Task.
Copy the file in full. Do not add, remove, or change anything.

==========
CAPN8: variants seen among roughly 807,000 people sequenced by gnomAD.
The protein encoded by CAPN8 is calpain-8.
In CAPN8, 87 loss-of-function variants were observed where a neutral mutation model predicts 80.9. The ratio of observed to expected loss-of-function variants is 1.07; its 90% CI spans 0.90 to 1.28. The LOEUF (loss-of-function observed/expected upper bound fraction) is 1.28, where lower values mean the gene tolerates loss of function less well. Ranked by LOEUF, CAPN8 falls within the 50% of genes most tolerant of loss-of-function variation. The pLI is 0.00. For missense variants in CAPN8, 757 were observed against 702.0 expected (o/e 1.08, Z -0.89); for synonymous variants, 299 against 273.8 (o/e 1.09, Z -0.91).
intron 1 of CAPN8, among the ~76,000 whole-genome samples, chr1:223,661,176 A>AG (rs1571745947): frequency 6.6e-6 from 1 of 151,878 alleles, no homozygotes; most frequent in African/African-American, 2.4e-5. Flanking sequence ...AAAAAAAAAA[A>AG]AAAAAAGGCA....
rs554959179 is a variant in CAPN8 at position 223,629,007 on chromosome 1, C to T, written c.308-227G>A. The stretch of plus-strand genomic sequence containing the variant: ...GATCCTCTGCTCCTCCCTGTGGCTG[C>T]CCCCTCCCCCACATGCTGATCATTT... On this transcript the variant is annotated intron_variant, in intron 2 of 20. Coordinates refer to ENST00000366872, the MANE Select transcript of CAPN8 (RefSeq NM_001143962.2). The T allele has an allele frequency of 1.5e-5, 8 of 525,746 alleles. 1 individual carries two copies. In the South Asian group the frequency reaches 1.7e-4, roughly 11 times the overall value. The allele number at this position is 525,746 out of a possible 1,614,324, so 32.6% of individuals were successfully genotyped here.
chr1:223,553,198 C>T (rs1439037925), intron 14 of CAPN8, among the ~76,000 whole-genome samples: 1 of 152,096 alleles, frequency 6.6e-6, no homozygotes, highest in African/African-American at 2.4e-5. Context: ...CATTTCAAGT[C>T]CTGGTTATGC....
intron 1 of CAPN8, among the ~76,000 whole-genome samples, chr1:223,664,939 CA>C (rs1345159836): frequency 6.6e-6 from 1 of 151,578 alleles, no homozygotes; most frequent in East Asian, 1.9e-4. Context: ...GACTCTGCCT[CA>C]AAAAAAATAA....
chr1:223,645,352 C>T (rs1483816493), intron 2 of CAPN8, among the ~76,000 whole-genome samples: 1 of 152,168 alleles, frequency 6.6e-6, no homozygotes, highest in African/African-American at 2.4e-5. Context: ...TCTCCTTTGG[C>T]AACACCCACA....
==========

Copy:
CAPN8: variants seen among roughly 807,000 people sequenced by gnomAD.
The protein encoded by CAPN8 is calpain-8.
In CAPN8, 87 loss-of-function variants were observed where a neutral mutation model predicts 80.9. The ratio of observed to expected loss-of-function variants is 1.07; its 90% CI spans 0.90 to 1.28. The LOEUF (loss-of-function observed/expected upper bound fraction) is 1.28, where lower values mean the gene tolerates loss of function less well. Ranked by LOEUF, CAPN8 falls within the 50% of genes most tolerant of loss-of-function variation. The pLI is 0.00. For missense variants in CAPN8, 757 were observed against 702.0 expected (o/e 1.08, Z -0.89); for synonymous variants, 299 against 273.8 (o/e 1.09, Z -0.91).
intron 1 of CAPN8, among the ~76,000 whole-genome samples, chr1:223,661,176 A>AG (rs1571745947): frequency 6.6e-6 from 1 of 151,878 alleles, no homozygotes; most frequent in African/African-American, 2.4e-5. Flanking sequence ...AAAAAAAAAA[A>AG]AAAAAAGGCA....
rs554959179 is a variant in CAPN8 at position 223,629,007 on chromosome 1, C to T, written c.308-227G>A. The stretch of plus-strand genomic sequence containing the variant: ...GATCCTCTGCTCCTCCCTGTGGCTG[C>T]CCCCTCCCCCACATGCTGATCATTT... On this transcript the variant is annotated intron_variant, in intron 2 of 20. Coordinates refer to ENST00000366872, the MANE Select transcript of CAPN8 (RefSeq NM_001143962.2). The T allele has an allele frequency of 1.5e-5, 8 of 525,746 alleles. 1 individual carries two copies. In the South Asian group the frequency reaches 1.7e-4, roughly 11 times the overall value. The allele number at this position is 525,746 out of a possible 1,614,324, so 32.6% of individuals were successfully genotyped here.
chr1:223,553,198 C>T (rs1439037925), intron 14 of CAPN8, among the ~76,000 whole-genome samples: 1 of 152,096 alleles, frequency 6.6e-6, no homozygotes, highest in African/African-American at 2.4e-5. Context: ...CATTTCAAGT[C>T]CTGGTTATGC....
intron 1 of CAPN8, among the ~76,000 whole-genome samples, chr1:223,664,939 CA>C (rs1345159836): frequency 6.6e-6 from 1 of 151,578 alleles, no homozygotes; most frequent in East Asian, 1.9e-4. Context: ...GACTCTGCCT[CA>C]AAAAAAATAA....
chr1:223,645,352 C>T (rs1483816493), intron 2 of CAPN8, among the ~76,000 whole-genome samples: 1 of 152,168 alleles, frequency 6.6e-6, no homozygotes, highest in African/African-American at 2.4e-5. Context: ...TCTCCTTTGG[C>T]AACACCCACA....